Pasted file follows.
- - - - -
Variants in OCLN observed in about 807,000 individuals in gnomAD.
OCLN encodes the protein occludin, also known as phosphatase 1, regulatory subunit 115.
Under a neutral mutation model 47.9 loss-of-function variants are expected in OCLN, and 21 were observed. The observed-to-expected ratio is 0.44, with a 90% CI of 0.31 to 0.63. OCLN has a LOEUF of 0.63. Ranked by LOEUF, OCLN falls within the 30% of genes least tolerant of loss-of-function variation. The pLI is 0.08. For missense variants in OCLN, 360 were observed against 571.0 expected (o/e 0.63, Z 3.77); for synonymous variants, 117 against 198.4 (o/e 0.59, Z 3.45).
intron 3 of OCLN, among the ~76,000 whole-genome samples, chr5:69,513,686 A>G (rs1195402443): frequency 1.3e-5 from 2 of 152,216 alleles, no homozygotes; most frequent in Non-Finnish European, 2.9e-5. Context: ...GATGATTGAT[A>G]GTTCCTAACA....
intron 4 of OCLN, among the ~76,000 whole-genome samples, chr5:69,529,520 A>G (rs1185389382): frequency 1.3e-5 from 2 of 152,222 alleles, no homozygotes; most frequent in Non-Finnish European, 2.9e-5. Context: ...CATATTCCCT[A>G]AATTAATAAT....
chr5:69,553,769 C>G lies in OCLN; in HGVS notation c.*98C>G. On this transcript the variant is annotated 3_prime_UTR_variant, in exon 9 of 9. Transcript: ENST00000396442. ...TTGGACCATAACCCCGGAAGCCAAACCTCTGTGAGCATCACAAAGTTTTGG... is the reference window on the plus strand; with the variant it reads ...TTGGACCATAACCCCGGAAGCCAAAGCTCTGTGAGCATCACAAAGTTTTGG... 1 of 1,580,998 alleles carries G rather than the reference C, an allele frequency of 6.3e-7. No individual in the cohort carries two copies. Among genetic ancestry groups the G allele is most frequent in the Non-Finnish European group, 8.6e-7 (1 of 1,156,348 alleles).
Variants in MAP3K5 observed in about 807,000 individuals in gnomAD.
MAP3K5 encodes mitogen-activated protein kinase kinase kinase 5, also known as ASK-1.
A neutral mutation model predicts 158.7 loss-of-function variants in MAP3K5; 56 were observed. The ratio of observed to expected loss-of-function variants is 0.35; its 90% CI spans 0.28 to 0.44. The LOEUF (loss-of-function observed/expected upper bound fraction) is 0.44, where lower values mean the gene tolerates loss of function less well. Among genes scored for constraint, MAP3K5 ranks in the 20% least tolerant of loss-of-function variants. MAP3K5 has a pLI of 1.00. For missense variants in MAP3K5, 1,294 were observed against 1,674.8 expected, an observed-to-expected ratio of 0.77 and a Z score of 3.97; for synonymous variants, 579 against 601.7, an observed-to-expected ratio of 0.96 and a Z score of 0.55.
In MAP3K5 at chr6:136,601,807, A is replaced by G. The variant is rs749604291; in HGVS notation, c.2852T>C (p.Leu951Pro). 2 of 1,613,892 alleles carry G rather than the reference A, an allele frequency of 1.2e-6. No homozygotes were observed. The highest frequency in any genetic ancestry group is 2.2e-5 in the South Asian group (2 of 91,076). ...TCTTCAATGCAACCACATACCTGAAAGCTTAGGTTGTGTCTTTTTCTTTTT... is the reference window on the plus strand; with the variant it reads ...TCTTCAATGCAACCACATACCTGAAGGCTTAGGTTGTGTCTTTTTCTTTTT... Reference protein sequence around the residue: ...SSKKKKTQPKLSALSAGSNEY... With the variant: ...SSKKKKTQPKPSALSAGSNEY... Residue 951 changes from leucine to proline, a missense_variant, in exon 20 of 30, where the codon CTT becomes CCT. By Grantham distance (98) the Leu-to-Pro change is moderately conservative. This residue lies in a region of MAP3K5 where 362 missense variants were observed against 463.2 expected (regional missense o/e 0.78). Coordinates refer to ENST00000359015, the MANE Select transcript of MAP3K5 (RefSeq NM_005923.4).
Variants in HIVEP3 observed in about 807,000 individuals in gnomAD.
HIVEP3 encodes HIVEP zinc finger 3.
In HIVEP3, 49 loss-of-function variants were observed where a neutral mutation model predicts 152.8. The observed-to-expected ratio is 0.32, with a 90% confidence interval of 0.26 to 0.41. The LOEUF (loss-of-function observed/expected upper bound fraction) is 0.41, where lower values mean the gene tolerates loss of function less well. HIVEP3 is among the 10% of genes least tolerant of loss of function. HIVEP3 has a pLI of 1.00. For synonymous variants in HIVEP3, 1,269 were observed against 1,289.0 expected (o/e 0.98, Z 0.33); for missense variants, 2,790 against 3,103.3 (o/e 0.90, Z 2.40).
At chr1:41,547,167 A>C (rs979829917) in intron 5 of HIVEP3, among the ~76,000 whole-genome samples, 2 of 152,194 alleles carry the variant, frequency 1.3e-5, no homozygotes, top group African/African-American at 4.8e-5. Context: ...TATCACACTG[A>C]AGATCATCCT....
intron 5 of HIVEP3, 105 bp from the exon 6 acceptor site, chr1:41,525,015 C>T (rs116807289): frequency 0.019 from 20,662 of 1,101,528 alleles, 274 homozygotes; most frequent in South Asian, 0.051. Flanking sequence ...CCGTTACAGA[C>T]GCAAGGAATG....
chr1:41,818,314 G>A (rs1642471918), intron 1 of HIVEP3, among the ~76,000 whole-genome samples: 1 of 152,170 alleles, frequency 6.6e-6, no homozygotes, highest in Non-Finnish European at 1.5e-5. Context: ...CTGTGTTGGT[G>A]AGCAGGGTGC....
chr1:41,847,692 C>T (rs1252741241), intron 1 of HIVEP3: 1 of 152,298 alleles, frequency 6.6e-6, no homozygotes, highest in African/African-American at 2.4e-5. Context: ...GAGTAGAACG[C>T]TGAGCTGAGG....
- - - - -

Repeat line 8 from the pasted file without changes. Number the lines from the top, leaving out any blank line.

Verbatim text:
MAP3K5 encodes mitogen-activated protein kinase kinase kinase 5, also known as ASK-1.